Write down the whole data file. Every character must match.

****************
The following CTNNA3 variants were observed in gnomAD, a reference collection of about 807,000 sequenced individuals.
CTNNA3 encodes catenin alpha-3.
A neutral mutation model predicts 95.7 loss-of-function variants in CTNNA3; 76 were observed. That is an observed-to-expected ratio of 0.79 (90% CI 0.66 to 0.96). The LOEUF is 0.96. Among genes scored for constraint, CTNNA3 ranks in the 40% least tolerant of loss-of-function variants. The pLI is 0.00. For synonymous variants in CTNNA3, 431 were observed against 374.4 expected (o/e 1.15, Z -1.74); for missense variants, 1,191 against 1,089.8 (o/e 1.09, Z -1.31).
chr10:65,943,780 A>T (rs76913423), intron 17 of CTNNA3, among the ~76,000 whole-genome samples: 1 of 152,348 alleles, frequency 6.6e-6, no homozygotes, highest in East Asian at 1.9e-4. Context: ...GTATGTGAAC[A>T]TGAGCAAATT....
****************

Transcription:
The following CTNNA3 variants were observed in gnomAD, a reference collection of about 807,000 sequenced individuals.
CTNNA3 encodes catenin alpha-3.
A neutral mutation model predicts 95.7 loss-of-function variants in CTNNA3; 76 were observed. That is an observed-to-expected ratio of 0.79 (90% CI 0.66 to 0.96). The LOEUF is 0.96. Among genes scored for constraint, CTNNA3 ranks in the 40% least tolerant of loss-of-function variants. The pLI is 0.00. For synonymous variants in CTNNA3, 431 were observed against 374.4 expected (o/e 1.15, Z -1.74); for missense variants, 1,191 against 1,089.8 (o/e 1.09, Z -1.31).
chr10:65,943,780 A>T (rs76913423), intron 17 of CTNNA3, among the ~76,000 whole-genome samples: 1 of 152,348 alleles, frequency 6.6e-6, no homozygotes, highest in East Asian at 1.9e-4. Context: ...GTATGTGAAC[A>T]TGAGCAAATT....